Providence was founded in 1636 by renegade preacher Roger Williams, who was forced to flee Massachusetts because of religious persecution. Williams purchased land from the Narragansett Indians and started a new settlement with a policy of religious and political freedom. He named his new home "Providence," in thanks to God for protecting him during his exile from Massachusetts.
Easily accessible by water, Providence became a major New World seaport. During the Revolutionary War, Providence's craftspeople and merchants supplied goods to the Continental and French armies. Ever the entrepreneurs, Providence businesses were financing expeditions to the Mediterranean, Middle East and Far East by 1781. With trade booming, the city grew and flourished. Traditional wooden homes began yielding to ornate brick mansions, and citizens constructed elaborate testaments to business, government and learning. Many of these, like the Rhode Island State House and the Providence Public Library, can be toured today.
The Great New England Hurricane of 1938 wove a path of death and destruction through the city, with a tidal-wave like storm surge and wind gusts of more than 100 miles per hour. The storm's effect on Rhode Island was so severe that earthquake instruments 3,000 miles away recorded it on seismographs. In 1954, Hurricane Carol caught Rhode Island by surprise and Providence suffered a great amount of concentrated damage — upwards of $41 million. Gusts of wind, at a rate of 72 to 100 miles per hour, blew into Providence, while portions of the downtown area sat under eight feet of water.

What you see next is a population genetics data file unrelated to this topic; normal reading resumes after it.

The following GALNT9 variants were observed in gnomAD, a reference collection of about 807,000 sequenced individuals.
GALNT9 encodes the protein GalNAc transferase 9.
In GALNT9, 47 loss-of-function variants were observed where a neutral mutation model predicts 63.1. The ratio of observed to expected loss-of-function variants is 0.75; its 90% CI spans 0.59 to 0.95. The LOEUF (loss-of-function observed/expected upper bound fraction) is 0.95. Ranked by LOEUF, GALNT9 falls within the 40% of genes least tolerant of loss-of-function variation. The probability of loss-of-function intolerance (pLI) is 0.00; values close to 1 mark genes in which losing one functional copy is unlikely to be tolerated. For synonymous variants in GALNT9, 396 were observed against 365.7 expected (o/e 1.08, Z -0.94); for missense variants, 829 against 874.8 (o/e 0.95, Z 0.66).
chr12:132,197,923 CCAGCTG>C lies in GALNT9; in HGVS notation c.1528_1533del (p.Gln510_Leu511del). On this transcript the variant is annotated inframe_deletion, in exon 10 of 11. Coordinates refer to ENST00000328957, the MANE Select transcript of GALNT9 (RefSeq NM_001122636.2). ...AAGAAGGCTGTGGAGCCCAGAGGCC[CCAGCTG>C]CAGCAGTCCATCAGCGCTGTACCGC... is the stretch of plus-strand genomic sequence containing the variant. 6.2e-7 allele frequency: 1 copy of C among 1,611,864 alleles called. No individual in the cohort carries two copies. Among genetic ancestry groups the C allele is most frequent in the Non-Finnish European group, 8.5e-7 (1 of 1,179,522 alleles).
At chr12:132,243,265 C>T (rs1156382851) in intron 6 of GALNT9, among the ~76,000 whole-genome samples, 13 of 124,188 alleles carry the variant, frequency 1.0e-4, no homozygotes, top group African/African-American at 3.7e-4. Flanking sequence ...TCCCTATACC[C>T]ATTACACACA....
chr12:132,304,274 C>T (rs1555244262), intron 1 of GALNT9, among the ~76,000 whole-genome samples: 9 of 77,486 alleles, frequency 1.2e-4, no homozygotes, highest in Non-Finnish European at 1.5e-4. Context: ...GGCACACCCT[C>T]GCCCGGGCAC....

In the late 1970s, the city began to upgrade the infrastructure of the neighborhoods, downtown and commercial districts. For decades, the world's widest bridge had obscured the Moshassuck and Woonasquatucket Rivers, two narrow but significant waterways that snake through the city of Providence and converge to become the Providence River, the head of Narragansett Bay. In the 1990s, the two rivers running through downtown were uncovered and moved.
Today, those two rivers are edged by cobblestone walkways, flanked by park benches, trees and flowering plants, and bisected by a series of graceful Venetian bridges connecting downtown Providence to the city's East Side. In keeping with this old-world flair, visitors may glide lazily through the waterways in one of the city's gilded gondolas. The centerpiece of this revitalization is Waterplace Park, which boasts a stone-stepped amphitheater for summer concerts and serves as the starting point for Providence's world-renowned WaterFire, a multisensory art installation of nearly 100 dancing bonfires that wind along the Providence River.
Providence also boasts a flourishing cultural and academic community. The Tony Award-winning Trinity Rep and the Providence Performing Arts Center are not only historic landmarks, but also feature Broadway musicals, children's performances, popular seasonal ballets, opera, plays and musical concerts. Students and alumni of Brown University, Providence College and Rhode Island College bring vitality to the city's intellectual life. The famous Rhode Island School of Design lends the city a hipster cool, with many young artists coming to study and staying to begin their careers. The world's largest culinary educator, Johnson & Wales University, has had a tremendous impact on Providence's much-lauded restaurant scene.